Cleansing Fire

Defending Truth and Tradition in the Roman Catholic Church

Posts Tagged ‘DoR Catholic Charities’

Rochester Catholic Charities Sued

May 14th, 2011, Promulgated by Dr. K

From today’s Democrat & Chronicle comes the following sad story:

“The father of a mentally disabled man who drowned in the Genesee River after wandering away from his Brighton assisted-living home has sued the operator of the facility, Catholic Charities of the Diocese of Rochester.

In a complaint filed in state Supreme Court this week, Walter Cromartie of Rochester claims his 27-year-old son, Jeremy Cromartie, was “negligently left unsupervised and unmonitored” when he walked away from his Westerloe Avenue group home for the last time on July 1, 2009.

Jeremy’s body was found the next day in the river near the Summerville Pier in Charlotte. An autopsy determined that he had drowned.

Lawyer J. Matthew Parrinello, who is representing Cromartie, said it was believed that the group home staff was not to leave Jeremy alone and that he had been sent out of the house to take out the trash about 4 p.m. when he went missing.

The complaint does not demand specific damages, but rather a “sum of money that will fully, fairly, justly and adequately compensate” the family.

A phone message left for a spokesman for the Roman Catholic Diocese of Rochester was not immediately returned.”

I wonder who is going to foot the attorney bills and possible settlement/restitution if it turns out the diocesan Catholic Charities were negligent? Will more churches have to be sold to raise the money?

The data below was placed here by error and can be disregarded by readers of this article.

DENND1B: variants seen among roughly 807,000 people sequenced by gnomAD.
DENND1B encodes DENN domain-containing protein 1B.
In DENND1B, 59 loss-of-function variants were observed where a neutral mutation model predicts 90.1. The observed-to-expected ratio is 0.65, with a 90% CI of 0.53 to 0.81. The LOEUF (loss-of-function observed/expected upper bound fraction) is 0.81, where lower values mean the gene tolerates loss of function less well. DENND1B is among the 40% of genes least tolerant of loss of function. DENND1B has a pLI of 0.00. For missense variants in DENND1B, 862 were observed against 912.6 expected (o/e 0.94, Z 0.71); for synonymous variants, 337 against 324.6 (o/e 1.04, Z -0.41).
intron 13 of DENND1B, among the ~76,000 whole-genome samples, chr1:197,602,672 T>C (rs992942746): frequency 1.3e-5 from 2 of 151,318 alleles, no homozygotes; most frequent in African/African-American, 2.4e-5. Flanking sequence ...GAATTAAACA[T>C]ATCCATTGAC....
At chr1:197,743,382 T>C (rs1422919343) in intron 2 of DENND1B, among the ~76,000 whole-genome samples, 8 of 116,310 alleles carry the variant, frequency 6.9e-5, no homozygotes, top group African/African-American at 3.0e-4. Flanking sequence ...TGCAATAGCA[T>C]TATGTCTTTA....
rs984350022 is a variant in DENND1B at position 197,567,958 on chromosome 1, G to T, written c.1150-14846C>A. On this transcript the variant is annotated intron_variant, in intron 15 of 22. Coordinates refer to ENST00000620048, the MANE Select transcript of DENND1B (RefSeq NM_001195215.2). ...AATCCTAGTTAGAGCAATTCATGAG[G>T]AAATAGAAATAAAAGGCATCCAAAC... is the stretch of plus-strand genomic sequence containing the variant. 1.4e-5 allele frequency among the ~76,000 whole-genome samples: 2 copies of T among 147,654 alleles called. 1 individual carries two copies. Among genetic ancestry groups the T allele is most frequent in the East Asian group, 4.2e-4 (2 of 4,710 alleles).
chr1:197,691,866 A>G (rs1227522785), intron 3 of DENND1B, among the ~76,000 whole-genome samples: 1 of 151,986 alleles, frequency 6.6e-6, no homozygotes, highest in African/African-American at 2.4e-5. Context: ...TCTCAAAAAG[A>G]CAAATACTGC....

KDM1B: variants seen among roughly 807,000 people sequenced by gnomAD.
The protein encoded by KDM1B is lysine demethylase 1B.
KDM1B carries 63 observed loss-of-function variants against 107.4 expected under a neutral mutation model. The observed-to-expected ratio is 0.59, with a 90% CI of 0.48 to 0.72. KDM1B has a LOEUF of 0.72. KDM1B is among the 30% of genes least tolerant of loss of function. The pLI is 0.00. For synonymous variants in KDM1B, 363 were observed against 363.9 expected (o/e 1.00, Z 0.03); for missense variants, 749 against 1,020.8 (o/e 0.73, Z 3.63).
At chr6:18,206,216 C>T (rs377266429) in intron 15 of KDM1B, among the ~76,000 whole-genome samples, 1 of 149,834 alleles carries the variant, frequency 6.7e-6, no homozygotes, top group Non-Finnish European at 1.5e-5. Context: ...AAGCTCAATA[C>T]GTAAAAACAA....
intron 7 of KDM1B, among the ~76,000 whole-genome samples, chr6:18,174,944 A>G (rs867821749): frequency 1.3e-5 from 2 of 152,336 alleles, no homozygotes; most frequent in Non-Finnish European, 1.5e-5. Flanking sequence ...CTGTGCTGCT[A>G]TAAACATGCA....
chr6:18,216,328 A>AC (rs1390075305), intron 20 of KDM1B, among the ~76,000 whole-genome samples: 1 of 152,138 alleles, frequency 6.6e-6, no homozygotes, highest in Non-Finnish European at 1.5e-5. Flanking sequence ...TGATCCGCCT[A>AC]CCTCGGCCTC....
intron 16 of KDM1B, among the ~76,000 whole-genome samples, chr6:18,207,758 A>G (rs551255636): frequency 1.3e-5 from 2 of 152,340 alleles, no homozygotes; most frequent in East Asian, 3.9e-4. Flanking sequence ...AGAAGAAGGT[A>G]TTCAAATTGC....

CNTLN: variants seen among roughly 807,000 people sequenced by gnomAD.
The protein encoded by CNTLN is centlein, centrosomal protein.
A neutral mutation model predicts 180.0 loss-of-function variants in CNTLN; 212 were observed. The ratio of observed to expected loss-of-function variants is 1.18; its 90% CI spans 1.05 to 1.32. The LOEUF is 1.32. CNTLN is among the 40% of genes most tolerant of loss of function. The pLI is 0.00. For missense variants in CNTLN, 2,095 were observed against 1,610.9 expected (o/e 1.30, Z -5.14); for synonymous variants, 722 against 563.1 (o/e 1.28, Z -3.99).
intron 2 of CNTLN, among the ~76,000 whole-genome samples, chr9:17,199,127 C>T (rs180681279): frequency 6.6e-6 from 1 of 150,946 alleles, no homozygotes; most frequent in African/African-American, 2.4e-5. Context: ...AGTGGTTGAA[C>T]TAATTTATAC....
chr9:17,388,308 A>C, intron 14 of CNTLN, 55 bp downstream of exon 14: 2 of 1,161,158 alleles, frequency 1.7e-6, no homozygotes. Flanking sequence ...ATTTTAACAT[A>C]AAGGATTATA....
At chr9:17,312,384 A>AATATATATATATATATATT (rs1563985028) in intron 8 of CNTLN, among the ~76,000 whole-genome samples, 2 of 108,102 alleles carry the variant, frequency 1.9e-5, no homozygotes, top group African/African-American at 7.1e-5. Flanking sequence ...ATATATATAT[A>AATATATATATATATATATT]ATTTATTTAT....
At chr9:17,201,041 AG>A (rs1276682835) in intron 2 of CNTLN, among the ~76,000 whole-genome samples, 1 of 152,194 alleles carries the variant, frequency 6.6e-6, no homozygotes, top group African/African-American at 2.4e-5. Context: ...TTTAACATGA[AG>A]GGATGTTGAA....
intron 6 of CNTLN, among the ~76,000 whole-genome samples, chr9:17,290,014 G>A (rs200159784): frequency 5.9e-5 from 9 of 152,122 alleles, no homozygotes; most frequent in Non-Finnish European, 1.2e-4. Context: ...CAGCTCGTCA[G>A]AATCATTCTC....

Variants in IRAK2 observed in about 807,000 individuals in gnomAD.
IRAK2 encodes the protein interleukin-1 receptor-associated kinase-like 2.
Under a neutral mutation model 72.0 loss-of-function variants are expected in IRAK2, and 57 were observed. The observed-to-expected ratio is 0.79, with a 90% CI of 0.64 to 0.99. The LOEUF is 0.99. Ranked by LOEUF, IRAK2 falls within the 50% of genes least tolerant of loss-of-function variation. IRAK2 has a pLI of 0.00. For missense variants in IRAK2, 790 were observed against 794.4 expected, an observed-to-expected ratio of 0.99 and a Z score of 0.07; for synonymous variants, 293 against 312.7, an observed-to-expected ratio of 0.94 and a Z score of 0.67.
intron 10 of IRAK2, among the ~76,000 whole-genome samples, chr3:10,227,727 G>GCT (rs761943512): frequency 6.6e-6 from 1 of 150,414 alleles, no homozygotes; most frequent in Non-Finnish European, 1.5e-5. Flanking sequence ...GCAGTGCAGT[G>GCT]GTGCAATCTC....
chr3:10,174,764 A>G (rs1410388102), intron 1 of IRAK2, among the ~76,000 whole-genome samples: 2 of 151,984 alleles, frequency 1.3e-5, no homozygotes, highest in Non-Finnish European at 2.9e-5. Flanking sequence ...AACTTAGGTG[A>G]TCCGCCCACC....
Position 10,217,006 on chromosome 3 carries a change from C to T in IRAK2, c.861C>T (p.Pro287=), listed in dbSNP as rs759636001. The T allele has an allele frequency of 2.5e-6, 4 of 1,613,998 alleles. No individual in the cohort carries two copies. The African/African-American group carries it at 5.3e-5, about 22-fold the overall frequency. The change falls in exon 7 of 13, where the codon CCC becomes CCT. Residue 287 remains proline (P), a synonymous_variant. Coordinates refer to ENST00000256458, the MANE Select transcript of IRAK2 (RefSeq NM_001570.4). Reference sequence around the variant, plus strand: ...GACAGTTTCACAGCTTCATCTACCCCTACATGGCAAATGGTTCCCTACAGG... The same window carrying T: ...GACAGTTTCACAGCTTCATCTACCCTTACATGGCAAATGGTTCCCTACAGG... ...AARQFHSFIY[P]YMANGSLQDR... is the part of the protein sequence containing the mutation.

Diocese’s financial policies hurt churches

May 4th, 2011, Promulgated by Mike

Gretchen Garrity and Susan Miller of All Saints parish in Corning have a thought-provoking piece at …

The Roman Catholic Diocese of Rochester is a wasteland of closed churches. Parishioners are told repeatedly that there is not enough money to keep them open. Yet the diocese and Catholic Charities (which receives parish money) remain financially strong. How? The answer is found in the appropriation of parishioners’ offerings and government money.

First, parishioners contribute to the annual Catholic Ministries Appeal (CMA). Begun by Bishop Matthew Clark in the 1980s, this effort has raised tens of millions of dollars for diocesan ministries. The diocese sets a goal for individual parishes, and each parish must meet it. If contributions run short, the parish must take the remainder from collections and/or savings. Consider All Saints Parish in Corning, with one church demolished and two others slated for sale or destruction. Still, the parish’s CMA goal this year is more than $107,000.

Second, Catholic Charities receives about $625,000 from the CMA. This is more than twice what diocesan schools receive. Between the CMA and government funding, parishioners subsidize Catholic Charities twice through contributions and taxes.

The next beneficiary is Providence Housing Development Corporation (PHDC). From its beginning in 1994, it envisioned using diocesan lands for redevelopment. The PHDC board president is John Balinsky, also director of Catholic Charities. PHDC gains access to taxpayer funds through government grants, while acquiring church properties at bargain prices for redevelopment.